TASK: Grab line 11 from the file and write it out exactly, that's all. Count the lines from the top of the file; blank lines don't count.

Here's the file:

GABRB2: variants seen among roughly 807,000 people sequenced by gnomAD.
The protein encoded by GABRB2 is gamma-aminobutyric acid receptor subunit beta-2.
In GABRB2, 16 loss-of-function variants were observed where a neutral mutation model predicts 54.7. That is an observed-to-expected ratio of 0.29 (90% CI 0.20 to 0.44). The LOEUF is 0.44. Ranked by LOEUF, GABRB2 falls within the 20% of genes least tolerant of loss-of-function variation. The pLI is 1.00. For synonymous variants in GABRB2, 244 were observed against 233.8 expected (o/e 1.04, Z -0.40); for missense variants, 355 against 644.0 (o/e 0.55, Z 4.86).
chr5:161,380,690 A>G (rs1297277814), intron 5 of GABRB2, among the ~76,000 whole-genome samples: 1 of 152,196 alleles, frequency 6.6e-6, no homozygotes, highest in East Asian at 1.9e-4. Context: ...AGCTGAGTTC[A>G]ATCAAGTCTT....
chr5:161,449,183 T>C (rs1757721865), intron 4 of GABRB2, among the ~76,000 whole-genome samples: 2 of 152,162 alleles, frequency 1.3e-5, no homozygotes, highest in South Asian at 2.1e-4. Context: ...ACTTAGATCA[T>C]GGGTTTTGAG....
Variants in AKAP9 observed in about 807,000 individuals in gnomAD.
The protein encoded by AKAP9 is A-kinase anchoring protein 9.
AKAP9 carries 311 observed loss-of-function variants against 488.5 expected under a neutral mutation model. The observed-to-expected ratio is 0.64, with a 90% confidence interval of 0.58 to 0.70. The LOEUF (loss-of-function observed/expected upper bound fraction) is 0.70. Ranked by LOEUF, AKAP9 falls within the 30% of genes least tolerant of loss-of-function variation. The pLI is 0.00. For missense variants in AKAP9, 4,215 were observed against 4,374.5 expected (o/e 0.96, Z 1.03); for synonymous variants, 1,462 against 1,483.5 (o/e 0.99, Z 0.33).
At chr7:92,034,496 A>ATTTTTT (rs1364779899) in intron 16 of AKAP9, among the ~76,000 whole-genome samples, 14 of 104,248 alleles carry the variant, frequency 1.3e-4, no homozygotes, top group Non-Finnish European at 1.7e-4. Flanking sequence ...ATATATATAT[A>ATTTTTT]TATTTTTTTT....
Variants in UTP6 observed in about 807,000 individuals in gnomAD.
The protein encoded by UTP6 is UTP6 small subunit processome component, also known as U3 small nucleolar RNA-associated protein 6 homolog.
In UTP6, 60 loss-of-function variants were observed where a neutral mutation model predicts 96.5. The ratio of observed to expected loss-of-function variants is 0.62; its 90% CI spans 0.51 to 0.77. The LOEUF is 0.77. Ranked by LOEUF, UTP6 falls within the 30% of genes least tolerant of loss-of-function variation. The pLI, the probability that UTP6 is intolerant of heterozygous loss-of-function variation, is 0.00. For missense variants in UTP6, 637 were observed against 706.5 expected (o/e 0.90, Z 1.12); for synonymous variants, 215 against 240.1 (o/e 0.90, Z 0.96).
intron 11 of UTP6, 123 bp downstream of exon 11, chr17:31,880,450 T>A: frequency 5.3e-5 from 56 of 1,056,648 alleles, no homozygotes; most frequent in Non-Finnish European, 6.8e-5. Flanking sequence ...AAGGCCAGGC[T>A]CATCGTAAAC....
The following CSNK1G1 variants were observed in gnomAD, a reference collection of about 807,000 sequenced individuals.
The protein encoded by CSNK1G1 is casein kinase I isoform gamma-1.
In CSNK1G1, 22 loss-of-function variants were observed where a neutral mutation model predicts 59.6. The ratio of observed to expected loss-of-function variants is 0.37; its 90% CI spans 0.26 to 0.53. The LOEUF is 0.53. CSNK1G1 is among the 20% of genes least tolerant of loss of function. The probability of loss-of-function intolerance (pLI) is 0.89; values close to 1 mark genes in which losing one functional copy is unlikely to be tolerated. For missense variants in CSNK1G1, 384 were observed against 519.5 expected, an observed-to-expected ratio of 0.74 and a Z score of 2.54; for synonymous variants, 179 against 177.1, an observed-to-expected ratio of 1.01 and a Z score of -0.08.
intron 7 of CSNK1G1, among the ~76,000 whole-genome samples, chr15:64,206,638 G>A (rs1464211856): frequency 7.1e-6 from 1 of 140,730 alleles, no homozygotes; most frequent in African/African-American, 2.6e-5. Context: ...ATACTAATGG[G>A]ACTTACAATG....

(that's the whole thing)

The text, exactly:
The protein encoded by UTP6 is UTP6 small subunit processome component, also known as U3 small nucleolar RNA-associated protein 6 homolog.